Warning issued on spray foam loft insulation

Legal experts are cautioning homeowners against the installation of spray foam loft insulation due to a surge in lenders refusing mortgages and the potential impact on property insurability.

The advisory, provided by law firm mfg Solicitors, highlights the importance of homeowners exploring alternative insulation methods to avoid potential financial setbacks and complications in property transactions.

Spray foam insulation, a chemical product applied using powered sprays that expands and solidifies, has two main types: open-cell, allowing moisture to escape, and close-cell, which reduces air circulation. In the case of close-cell insulation used in roofs and lofts, concerns arise as it can trap moisture around wooden joints, leading to rot.

Beverley Clinton, a legal assistant in the firm’s Residential Property Division, emphasised the challenges associated with removing this type of insulation, making it difficult for many mortgage providers and equity release companies to lend on properties containing it, even if installed by reputable firms. Surveyors are also increasingly vigilant, and insurance companies may refuse coverage for properties with this insulation.

This warning follows a concerning incident in Stoke-on-Trent where a couple lost nearly £11,000 in a spray foam insulation scam, rendering their house unsellable. The couple, Fiona and Andre Barton, paid £4,926 for spray foam loft installation following a cold call in December 2022. Six months later, as they attempted to sell their home, the buyers’ surveyor flagged the insulation, labelling homes with such insulation as “un-mortgageable.” The Bartons were compelled to engage a specialist removal company and incur significant costs, totalling £5,490.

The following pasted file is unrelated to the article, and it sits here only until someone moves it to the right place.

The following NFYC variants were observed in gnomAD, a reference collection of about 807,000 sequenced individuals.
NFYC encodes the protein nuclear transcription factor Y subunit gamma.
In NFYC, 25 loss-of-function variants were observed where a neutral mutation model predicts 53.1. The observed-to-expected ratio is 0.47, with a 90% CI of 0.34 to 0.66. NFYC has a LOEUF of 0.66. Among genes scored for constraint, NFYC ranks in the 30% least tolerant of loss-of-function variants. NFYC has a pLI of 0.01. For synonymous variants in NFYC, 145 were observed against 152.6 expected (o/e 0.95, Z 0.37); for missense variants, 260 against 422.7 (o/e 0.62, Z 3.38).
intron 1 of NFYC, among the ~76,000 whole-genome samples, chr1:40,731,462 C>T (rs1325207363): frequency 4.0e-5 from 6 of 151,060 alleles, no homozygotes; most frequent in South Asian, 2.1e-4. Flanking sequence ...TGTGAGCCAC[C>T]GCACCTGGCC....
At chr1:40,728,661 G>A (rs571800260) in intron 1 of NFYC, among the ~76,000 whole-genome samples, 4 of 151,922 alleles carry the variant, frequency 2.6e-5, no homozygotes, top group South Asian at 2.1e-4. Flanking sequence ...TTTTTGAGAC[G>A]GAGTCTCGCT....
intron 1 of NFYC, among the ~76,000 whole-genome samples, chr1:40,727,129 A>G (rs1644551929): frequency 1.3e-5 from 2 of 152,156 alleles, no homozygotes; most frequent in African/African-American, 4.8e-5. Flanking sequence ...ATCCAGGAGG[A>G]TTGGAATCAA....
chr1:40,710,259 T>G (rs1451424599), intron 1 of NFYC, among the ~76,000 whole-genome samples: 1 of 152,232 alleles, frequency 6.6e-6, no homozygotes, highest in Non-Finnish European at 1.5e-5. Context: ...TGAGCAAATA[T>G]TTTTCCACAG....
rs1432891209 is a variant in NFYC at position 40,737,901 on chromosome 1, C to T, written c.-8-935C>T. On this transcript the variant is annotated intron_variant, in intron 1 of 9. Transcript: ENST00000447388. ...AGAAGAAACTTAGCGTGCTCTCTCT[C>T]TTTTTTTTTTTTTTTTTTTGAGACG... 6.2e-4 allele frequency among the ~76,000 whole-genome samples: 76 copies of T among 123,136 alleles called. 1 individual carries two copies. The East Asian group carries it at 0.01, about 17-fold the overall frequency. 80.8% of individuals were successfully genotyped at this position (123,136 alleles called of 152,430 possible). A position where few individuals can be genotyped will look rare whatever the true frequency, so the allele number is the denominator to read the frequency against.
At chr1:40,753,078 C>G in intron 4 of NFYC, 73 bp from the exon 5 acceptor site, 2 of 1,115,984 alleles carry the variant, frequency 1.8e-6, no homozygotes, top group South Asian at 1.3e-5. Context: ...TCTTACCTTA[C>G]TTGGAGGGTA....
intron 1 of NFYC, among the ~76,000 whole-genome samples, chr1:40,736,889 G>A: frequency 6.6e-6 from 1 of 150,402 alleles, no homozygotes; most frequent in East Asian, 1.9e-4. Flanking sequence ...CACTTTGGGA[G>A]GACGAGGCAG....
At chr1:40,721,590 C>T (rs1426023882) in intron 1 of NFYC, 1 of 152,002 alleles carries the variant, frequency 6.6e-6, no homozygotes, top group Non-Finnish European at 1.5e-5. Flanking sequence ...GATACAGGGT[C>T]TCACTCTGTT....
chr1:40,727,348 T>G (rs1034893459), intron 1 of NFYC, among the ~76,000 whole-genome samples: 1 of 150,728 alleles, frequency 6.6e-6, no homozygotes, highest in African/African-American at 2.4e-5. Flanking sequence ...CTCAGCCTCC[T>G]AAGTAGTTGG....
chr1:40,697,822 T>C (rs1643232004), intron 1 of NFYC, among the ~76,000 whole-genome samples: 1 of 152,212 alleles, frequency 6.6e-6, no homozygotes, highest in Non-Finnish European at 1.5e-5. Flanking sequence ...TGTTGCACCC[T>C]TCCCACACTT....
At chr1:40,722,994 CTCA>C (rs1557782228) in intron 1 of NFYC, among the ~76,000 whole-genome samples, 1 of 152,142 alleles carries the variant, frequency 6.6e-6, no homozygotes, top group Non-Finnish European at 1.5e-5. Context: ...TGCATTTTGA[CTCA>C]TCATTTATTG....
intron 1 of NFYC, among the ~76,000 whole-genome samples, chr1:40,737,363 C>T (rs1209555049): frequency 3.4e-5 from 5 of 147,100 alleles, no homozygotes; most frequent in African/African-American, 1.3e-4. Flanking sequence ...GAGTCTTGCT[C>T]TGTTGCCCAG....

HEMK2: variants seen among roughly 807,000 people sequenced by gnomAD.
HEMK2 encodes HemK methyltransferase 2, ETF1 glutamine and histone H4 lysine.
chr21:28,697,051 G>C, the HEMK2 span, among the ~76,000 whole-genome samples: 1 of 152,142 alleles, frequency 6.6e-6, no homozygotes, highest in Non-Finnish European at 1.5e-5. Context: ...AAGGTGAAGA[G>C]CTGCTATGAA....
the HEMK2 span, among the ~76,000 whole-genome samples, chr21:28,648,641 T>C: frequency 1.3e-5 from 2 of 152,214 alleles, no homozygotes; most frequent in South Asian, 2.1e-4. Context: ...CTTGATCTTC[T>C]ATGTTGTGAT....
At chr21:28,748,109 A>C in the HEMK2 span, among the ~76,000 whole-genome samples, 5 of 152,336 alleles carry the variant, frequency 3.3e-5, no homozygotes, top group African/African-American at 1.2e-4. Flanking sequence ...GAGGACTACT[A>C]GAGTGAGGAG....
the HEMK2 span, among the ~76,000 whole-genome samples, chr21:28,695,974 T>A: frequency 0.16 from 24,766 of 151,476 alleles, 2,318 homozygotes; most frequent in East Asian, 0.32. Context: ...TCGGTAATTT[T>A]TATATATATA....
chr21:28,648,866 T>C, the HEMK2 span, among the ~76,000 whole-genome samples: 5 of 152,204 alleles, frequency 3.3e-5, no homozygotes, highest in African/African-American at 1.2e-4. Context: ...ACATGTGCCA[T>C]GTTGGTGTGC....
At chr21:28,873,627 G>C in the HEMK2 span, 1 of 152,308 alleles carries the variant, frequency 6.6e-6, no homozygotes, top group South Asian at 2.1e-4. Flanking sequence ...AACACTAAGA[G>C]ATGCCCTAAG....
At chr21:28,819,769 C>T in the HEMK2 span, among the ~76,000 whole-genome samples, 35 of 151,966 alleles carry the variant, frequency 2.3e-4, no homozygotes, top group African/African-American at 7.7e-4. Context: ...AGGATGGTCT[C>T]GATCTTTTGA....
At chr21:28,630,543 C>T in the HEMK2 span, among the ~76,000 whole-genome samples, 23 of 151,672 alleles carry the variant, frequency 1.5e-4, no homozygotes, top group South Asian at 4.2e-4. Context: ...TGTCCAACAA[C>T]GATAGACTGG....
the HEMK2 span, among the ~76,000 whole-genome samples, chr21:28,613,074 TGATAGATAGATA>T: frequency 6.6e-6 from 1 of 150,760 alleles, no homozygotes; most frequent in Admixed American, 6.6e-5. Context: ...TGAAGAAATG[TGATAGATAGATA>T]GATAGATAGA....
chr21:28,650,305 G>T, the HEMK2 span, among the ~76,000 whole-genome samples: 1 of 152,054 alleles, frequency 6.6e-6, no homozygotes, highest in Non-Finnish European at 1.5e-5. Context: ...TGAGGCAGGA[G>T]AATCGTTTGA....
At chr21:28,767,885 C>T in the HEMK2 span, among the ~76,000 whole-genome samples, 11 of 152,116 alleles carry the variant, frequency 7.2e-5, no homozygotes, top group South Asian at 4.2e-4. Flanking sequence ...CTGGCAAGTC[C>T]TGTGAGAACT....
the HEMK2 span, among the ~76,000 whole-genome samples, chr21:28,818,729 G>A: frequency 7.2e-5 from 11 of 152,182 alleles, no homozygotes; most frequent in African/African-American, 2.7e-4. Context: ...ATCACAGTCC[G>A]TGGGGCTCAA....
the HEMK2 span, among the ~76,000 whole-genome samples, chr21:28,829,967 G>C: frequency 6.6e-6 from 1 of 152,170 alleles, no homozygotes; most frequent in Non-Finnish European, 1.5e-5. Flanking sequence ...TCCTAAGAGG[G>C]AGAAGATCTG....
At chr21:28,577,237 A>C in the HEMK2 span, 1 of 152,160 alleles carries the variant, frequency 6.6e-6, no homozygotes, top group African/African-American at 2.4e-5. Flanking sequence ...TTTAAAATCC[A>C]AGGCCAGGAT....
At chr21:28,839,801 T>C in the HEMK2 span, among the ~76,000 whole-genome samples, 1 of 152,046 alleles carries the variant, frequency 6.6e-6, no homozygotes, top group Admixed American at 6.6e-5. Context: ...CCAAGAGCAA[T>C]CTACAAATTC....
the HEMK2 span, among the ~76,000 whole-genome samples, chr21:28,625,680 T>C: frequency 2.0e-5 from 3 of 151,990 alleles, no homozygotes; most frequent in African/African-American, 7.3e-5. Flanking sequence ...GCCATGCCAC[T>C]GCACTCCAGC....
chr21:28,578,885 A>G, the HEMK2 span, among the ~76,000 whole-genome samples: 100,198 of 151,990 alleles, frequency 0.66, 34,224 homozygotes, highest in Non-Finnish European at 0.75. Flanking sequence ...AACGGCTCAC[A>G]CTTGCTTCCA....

Homeowners are urged to consider the potential consequences of spray foam insulation on property transactions, including difficulties in selling, remortgaging, or releasing equity. Ms Clinton added:

“Obviously due to cold weather and people trying to keep their homes warm to cut down heating bills, spray foam loft insulation is something people might well consider.

However, we have seen an increase in property sales falling through because of spray foam insulation and although it has been on a list of approved government measures for a number of years, the public should be aware of its long-term effect on their property and should be looking for an alternative.”

One Response

  1. We had Cisco Homes Ltd install spray foam insulation in 2019.
    We had a survey done earlier this year as we are moving and discovered that the end rafters have rotted because they sprayed the membrane instead of installing boards.
    The end result is £2500 to install, and £19,000 for removing it and a new roof.

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